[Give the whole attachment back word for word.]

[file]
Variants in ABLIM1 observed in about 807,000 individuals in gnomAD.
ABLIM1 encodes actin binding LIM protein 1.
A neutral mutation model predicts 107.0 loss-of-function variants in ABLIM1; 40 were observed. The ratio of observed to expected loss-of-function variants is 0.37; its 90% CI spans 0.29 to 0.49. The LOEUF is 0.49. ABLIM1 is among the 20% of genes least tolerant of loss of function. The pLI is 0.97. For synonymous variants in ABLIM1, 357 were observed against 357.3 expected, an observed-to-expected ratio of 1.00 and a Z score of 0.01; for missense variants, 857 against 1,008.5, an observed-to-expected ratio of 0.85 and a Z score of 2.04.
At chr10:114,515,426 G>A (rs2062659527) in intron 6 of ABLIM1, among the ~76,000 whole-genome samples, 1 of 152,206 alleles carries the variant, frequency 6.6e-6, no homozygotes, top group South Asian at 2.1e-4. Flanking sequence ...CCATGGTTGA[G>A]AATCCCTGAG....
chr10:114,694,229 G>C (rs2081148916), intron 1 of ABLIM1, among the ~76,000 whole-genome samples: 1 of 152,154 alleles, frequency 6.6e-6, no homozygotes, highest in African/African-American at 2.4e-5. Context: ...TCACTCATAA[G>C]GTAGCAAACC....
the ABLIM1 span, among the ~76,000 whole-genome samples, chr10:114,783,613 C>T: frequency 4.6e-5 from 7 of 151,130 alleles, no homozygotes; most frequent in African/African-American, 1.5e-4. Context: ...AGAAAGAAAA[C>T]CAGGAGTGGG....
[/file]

Variants in ABLIM1 observed in about 807,000 individuals in gnomAD.
ABLIM1 encodes actin binding LIM protein 1.
A neutral mutation model predicts 107.0 loss-of-function variants in ABLIM1; 40 were observed. The ratio of observed to expected loss-of-function variants is 0.37; its 90% CI spans 0.29 to 0.49. The LOEUF is 0.49. ABLIM1 is among the 20% of genes least tolerant of loss of function. The pLI is 0.97. For synonymous variants in ABLIM1, 357 were observed against 357.3 expected, an observed-to-expected ratio of 1.00 and a Z score of 0.01; for missense variants, 857 against 1,008.5, an observed-to-expected ratio of 0.85 and a Z score of 2.04.
At chr10:114,515,426 G>A (rs2062659527) in intron 6 of ABLIM1, among the ~76,000 whole-genome samples, 1 of 152,206 alleles carries the variant, frequency 6.6e-6, no homozygotes, top group South Asian at 2.1e-4. Flanking sequence ...CCATGGTTGA[G>A]AATCCCTGAG....
chr10:114,694,229 G>C (rs2081148916), intron 1 of ABLIM1, among the ~76,000 whole-genome samples: 1 of 152,154 alleles, frequency 6.6e-6, no homozygotes, highest in African/African-American at 2.4e-5. Context: ...TCACTCATAA[G>C]GTAGCAAACC....
the ABLIM1 span, among the ~76,000 whole-genome samples, chr10:114,783,613 C>T: frequency 4.6e-5 from 7 of 151,130 alleles, no homozygotes; most frequent in African/African-American, 1.5e-4. Context: ...AGAAAGAAAA[C>T]CAGGAGTGGG....